What are the differences between GitHub and GitLab?

Discussion in 'Programming/Scripts' started by concept21, Oct 4, 2023.

  1. concept21

    concept21 Active Member

    Dear Expert Programmers,
    I am planning to hire developers to expand my own web applications' features. Therefore, I need something like Git version control collaboration.

    Then, I have found GitHub and GitLab. Who have experiences with them? Could you share? :rolleyes:
  2. ahrasis

    ahrasis Well-Known Member HowtoForge Supporter

    I started with github since I was a Simple Machine forum, then Elkarte forum, code contributor. I started learning git lab when I started contributing to ISPConfig. However, I never was a maintainer in a big scale like what you are planning to do so I do not know which one is better. I am fine with both though.
    Last edited: Oct 4, 2023
  3. till

    till Super Moderator Staff Member ISPConfig Developer

    GitHub and GitLab are very similar in what they provide. The main difference is GitHub is only available as a service and it is not available as OpenSource software. You can run GitLab on your own servers (as we do for ISPConfig), and it has an OpenSource community edition. Nonetheless, the company behind GitLab also provides it as a service offering in case you don't want to run GitLab yourself.
    concept21, Th0m and ahrasis like this.
  4. concept21

    concept21 Active Member

    If GitHub is a web service, can it host private project so that people outside my team cannot read and access to my codes? :rolleyes:
  5. till

    till Super Moderator Staff Member ISPConfig Developer

    Go to GitHub and check out their pricing plans, there you can see in detail what they offer and that you can get private projects as well.
  6. ahrasis

    ahrasis Well-Known Member HowtoForge Supporter

    Yes. That is possible with private for organization or enterprise, but free has limited functions though.
    concept21 likes this.
  7. lexie21

    lexie21 New Member

    GitHub and GitLab are both web-based platforms for version control and collaborative software development, but they have some key differences:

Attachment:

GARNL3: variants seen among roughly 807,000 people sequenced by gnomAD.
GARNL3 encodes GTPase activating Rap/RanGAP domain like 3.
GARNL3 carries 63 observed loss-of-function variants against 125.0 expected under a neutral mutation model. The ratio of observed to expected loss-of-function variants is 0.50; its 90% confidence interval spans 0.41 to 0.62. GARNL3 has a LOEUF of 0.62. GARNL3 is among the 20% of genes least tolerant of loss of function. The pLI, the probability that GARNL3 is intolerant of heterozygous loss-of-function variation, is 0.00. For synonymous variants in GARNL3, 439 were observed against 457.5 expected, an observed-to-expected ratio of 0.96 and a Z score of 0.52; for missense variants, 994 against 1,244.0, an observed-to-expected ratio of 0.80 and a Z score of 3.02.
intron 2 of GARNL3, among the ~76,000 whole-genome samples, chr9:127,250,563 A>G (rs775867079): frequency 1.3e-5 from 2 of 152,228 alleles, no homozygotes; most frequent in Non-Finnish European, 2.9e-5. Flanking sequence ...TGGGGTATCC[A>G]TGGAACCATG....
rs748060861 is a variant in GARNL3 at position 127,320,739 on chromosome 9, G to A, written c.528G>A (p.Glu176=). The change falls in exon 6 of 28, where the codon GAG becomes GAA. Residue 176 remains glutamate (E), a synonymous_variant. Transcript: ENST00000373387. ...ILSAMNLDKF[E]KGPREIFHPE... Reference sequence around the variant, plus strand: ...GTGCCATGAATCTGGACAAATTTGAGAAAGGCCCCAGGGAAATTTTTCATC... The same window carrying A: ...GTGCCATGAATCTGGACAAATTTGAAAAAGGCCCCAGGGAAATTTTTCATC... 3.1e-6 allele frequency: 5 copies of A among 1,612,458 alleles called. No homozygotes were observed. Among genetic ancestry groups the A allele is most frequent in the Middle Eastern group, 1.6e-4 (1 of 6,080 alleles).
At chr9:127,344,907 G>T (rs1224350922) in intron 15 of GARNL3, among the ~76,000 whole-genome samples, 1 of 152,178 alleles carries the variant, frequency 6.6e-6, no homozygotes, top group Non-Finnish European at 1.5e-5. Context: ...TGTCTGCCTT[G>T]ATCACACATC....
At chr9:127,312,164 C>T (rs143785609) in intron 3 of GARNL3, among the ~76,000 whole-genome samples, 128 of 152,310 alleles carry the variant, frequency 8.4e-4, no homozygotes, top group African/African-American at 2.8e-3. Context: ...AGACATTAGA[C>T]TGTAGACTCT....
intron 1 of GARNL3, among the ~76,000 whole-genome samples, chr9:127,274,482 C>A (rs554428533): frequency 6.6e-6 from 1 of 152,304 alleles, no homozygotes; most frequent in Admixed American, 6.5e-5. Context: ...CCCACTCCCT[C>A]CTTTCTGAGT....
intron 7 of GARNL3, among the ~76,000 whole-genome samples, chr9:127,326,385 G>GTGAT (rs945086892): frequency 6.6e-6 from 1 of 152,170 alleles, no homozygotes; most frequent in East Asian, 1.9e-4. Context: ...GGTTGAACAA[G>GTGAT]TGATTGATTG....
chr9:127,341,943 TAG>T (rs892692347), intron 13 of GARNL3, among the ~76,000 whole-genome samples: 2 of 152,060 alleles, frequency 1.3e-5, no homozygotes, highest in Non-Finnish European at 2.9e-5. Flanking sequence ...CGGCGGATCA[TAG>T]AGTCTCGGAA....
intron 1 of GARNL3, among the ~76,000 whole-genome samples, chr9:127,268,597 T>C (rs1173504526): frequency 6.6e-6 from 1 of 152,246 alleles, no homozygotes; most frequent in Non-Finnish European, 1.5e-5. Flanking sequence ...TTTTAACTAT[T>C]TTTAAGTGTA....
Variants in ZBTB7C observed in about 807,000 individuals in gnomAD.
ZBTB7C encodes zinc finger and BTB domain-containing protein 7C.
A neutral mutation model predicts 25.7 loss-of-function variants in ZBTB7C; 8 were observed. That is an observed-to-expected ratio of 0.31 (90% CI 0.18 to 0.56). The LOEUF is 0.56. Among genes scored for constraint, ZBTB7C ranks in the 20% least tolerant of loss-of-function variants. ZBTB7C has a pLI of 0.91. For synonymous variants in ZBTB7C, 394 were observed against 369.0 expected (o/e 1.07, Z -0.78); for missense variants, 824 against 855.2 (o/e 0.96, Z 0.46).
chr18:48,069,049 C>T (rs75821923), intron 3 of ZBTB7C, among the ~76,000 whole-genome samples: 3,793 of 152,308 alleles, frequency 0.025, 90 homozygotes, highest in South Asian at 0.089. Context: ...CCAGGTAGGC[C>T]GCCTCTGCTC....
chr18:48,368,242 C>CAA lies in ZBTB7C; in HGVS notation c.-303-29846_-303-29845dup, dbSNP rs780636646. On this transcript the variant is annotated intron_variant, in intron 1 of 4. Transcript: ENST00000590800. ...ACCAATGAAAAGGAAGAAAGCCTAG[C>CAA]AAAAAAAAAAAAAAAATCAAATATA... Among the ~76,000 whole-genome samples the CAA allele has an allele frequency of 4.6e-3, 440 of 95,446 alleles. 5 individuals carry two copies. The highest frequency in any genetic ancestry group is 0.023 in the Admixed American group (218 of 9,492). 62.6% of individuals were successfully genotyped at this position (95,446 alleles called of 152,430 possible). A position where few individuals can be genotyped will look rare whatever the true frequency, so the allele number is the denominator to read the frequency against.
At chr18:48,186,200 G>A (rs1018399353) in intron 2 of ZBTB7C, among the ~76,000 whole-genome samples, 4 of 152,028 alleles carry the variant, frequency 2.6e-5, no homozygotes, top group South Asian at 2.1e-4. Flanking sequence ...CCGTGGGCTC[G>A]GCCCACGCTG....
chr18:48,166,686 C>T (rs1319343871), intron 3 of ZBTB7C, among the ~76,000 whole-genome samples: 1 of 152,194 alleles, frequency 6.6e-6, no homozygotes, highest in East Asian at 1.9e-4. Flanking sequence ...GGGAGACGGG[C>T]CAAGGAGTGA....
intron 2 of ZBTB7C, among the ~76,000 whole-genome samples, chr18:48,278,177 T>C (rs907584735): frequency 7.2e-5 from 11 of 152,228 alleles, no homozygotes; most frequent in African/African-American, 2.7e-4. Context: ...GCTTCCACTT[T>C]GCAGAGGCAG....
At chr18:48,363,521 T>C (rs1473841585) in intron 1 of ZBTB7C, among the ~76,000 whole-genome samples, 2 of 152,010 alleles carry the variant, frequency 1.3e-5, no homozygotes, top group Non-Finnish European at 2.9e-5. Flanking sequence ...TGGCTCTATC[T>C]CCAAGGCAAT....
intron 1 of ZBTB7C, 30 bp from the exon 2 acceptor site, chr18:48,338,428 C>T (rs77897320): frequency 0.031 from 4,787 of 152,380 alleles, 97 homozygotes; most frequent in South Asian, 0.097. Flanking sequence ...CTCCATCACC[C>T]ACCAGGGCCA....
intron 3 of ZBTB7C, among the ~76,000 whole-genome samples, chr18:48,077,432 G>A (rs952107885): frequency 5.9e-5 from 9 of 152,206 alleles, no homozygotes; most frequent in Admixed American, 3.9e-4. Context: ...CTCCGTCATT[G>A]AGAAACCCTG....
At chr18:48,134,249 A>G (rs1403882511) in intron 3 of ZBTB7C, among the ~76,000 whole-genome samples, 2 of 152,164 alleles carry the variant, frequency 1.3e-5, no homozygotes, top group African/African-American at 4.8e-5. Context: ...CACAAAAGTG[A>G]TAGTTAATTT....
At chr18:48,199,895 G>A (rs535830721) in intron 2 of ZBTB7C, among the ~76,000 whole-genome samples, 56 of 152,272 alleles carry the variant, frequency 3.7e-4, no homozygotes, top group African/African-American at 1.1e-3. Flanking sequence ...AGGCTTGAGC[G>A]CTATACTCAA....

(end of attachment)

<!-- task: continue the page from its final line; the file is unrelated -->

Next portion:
1. Hosting:
      • GitHub: Hosted on GitHub's servers.
      • GitLab: This can be self-hosted on your own servers or used on GitLab's cloud-based service.
    2. Pricing:
      • GitHub: Offers free public repositories and paid plans for private repositories.
      • GitLab: Offers a free community edition for self-hosting and a paid version with additional features. Also offers a free tier on GitLab.com.
    3. Integration:
      • GitHub: Integrates well with a wide range of third-party services and has a large marketplace of apps.
      • GitLab: Offers a comprehensive set of integrated tools, including built-in CI/CD.
    4. Features:
      • GitHub: Known for social features and community, such as issues, pull requests, and GitHub Actions for CI/CD.
      • GitLab: Offers features like built-in CI/CD, Docker container registry, issue tracking, and a project management tool.
    5. Customization:
      • GitHub: Provides less flexibility for customization.
      • GitLab: Offers more flexibility for customizing your self-hosted instance.
    6. Security:
      • GitLab: Offers strong features for security, including built-in CI/CD scanning, container scanning, and more.
      • GitHub: Also has security features, but GitLab is often considered more comprehensive.
    Your choice between GitHub and GitLab may depend on factors like hosting preferences, pricing, specific project requirements, and the degree of customization and integration you need.
    concept21 likes this.
  8. concept21

    concept21 Active Member

    WOW! Very good comparison! Thank you! :D
  9. faille

    faille New Member

    You're right. I want an easy and accessible way to collaborate on code, so Github may is a good option for me
  10. Doak

    Doak New Member

    Thank you, very helpful. I personally started with GitHub
  11. concept21

    concept21 Active Member

    GitHub sounds better to me.
    I can start as little as US$4/user/month to own a private repo for casual web app. :D

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